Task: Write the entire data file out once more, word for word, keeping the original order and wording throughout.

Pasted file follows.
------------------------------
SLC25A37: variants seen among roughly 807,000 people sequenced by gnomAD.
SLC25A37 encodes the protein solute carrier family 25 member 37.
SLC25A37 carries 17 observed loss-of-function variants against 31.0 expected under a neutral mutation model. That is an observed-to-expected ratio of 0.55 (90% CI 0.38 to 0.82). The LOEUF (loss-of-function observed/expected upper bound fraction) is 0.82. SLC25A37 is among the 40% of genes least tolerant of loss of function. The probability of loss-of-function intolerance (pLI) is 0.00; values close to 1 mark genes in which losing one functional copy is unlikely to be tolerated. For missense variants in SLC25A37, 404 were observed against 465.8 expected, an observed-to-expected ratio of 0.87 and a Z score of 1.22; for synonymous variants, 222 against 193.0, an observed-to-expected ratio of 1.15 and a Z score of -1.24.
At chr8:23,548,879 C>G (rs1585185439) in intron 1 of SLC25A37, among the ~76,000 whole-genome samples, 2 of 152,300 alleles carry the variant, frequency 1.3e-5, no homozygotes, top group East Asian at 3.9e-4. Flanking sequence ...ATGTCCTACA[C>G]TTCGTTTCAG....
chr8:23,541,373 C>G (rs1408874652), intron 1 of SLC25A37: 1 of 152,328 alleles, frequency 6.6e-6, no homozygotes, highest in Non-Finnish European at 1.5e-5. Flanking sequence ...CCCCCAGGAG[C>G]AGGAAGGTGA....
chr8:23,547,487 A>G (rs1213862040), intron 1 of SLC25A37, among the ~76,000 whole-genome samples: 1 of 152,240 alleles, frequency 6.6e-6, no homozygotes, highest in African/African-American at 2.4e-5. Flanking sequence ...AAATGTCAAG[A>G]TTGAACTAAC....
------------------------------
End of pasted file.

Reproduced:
SLC25A37: variants seen among roughly 807,000 people sequenced by gnomAD.
SLC25A37 encodes the protein solute carrier family 25 member 37.
SLC25A37 carries 17 observed loss-of-function variants against 31.0 expected under a neutral mutation model. That is an observed-to-expected ratio of 0.55 (90% CI 0.38 to 0.82). The LOEUF (loss-of-function observed/expected upper bound fraction) is 0.82. SLC25A37 is among the 40% of genes least tolerant of loss of function. The probability of loss-of-function intolerance (pLI) is 0.00; values close to 1 mark genes in which losing one functional copy is unlikely to be tolerated. For missense variants in SLC25A37, 404 were observed against 465.8 expected, an observed-to-expected ratio of 0.87 and a Z score of 1.22; for synonymous variants, 222 against 193.0, an observed-to-expected ratio of 1.15 and a Z score of -1.24.
At chr8:23,548,879 C>G (rs1585185439) in intron 1 of SLC25A37, among the ~76,000 whole-genome samples, 2 of 152,300 alleles carry the variant, frequency 1.3e-5, no homozygotes, top group East Asian at 3.9e-4. Flanking sequence ...ATGTCCTACA[C>G]TTCGTTTCAG....
chr8:23,541,373 C>G (rs1408874652), intron 1 of SLC25A37: 1 of 152,328 alleles, frequency 6.6e-6, no homozygotes, highest in Non-Finnish European at 1.5e-5. Flanking sequence ...CCCCCAGGAG[C>G]AGGAAGGTGA....
chr8:23,547,487 A>G (rs1213862040), intron 1 of SLC25A37, among the ~76,000 whole-genome samples: 1 of 152,240 alleles, frequency 6.6e-6, no homozygotes, highest in African/African-American at 2.4e-5. Flanking sequence ...AAATGTCAAG[A>G]TTGAACTAAC....